— Uarda • Georg Ebers

... will do. Now go in to supper, children, and send Docia to take my tray. Dear me, I do wish that Tucker could be persuaded to give up that vulgar bacon. I'm not so unreasonable, I hope, as to expect a man to make any sacrifices in this world—that's the woman's part, and I've tried to take my share of it—but to conceive of a passion for a thing like bacon—I declare is quite ...
— The Deliverance; A Romance of the Virginia Tobacco Fields • Ellen Glasgow

... full value of Louisiana, and have been desirous of repairing the fault of the French negotiators who lost it in 1763. A few lines of a treaty have restored it to me, and now I must expect to lose it. . . . The English wish to take possession of it, and it is thus they will begin the war. . . . They have already twenty ships of the line in the Gulf of Mexico. . . . The conquest of Louisiana ...
— Twenty Years of Congress, Vol. 1 (of 2) • James Gillespie Blaine

... many mighty works there because of their unbelief. I think that is what is the matter with the world to-day. I wonder if He would not be pleased with one who could throw herself at His feet with a childlike abandon of faith, and expect wonders, yes, and impossibilities, just as a child feels that anything can be done by father? God has shamed my faith to-night. It is as though I had asked for a crumb of bread, and he gave me the entire loaf. That girl up-stairs has not heard of Him before as a Saviour ...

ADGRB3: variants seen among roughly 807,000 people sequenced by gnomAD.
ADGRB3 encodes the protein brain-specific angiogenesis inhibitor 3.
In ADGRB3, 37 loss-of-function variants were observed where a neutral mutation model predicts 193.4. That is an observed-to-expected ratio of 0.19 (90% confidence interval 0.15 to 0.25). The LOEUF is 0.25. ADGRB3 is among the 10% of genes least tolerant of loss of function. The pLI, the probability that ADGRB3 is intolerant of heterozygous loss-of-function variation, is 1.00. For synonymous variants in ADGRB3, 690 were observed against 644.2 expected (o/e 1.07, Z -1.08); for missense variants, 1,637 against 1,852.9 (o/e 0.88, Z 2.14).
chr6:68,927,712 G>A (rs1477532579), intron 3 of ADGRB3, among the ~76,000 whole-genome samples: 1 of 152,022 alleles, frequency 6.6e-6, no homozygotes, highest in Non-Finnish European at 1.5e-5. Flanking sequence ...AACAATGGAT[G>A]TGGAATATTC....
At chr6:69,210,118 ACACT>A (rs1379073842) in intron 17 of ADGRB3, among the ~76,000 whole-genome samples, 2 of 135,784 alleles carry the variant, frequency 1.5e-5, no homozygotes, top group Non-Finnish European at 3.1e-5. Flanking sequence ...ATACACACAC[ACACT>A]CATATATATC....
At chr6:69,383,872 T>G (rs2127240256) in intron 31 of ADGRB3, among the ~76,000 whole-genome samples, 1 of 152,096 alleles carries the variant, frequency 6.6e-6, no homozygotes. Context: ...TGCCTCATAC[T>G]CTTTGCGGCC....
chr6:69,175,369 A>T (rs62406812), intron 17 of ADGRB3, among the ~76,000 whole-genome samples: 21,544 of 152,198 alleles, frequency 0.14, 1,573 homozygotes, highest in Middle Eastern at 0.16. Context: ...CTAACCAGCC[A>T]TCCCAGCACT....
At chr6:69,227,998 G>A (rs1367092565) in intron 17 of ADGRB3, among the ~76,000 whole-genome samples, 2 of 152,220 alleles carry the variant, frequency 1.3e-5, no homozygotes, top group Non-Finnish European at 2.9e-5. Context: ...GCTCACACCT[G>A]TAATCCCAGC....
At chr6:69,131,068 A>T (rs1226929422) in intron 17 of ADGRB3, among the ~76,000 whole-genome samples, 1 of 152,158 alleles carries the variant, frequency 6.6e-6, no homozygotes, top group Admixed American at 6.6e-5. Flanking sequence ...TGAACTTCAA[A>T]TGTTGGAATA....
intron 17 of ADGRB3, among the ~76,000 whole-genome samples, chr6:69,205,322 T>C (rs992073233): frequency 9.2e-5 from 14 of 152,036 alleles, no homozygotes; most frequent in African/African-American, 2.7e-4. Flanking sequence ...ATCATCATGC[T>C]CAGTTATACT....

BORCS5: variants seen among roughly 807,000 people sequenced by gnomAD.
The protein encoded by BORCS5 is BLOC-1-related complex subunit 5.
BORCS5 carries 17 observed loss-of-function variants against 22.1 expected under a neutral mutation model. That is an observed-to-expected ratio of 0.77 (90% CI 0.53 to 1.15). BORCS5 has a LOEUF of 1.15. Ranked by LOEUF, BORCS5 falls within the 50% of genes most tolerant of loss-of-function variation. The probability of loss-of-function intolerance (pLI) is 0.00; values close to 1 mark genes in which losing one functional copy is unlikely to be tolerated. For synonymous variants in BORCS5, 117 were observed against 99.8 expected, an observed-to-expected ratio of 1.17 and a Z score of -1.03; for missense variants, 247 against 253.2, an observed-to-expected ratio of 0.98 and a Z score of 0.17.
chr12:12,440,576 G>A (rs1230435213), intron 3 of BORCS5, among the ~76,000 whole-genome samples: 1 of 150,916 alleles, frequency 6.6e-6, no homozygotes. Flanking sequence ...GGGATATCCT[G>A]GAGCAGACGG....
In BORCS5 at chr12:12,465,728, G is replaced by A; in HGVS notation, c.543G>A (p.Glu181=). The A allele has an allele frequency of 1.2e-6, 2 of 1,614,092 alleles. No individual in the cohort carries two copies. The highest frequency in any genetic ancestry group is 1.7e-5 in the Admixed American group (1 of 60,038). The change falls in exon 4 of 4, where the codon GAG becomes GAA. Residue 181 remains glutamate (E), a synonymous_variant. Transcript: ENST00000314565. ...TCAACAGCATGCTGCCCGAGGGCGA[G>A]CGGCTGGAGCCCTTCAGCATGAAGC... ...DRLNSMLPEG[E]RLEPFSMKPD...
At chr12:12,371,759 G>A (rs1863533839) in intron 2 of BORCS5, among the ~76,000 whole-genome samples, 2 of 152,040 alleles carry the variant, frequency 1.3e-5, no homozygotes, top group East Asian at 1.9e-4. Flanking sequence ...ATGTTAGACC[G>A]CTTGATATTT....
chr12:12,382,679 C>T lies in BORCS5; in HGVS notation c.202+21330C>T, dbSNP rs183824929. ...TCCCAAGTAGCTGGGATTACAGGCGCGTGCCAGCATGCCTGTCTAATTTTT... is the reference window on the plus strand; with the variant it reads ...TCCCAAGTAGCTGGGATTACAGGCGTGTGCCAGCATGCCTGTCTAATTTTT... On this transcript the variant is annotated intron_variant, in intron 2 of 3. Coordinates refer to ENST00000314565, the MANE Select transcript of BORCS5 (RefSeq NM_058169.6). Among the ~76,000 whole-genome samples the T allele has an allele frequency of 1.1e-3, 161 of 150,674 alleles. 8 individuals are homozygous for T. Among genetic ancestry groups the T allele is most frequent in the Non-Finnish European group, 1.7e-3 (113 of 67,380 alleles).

— Ester Ried Yet Speaking • Isabella Alden

... their eyes, they should say: "Children, I expect you always to be polite and kind to everyone, obedient to your parents and teachers, when they give you an order, or tell you anything; you will always listen to the order given or the fact told without thinking it tiresome; ...
— Self Mastery Through Conscious Autosuggestion • Emile Coue

... about the great subject of which we were speaking have not necessarily been wise, brave, and true men, but, on the contrary, have very often been wanting in one or two or all of the qualities these words imply, I should expect to find a good many doctrines current in the schools which I should be obliged to call foolish, cowardly, ...
— The Autocrat of the Breakfast Table • Oliver Wendell Holmes

... indicate a long course of domestication; and these fowls come from China, where we know that plants and animals have been tended from a remote period with extraordinary care, and where consequently we might expect to ...
— The Variation of Animals and Plants under Domestication - Volume I • Charles Darwin

... A queer case that of Norman's death. I expect it was only right he should be strangled seeing he killed Lady Rachel Sandal in ...
— The Opal Serpent • Fergus Hume

... Shortly she will return; here to expect her Is duty both, and honour. Pardon me— Her humours are well known here? Passers by Will guess who 'tis ...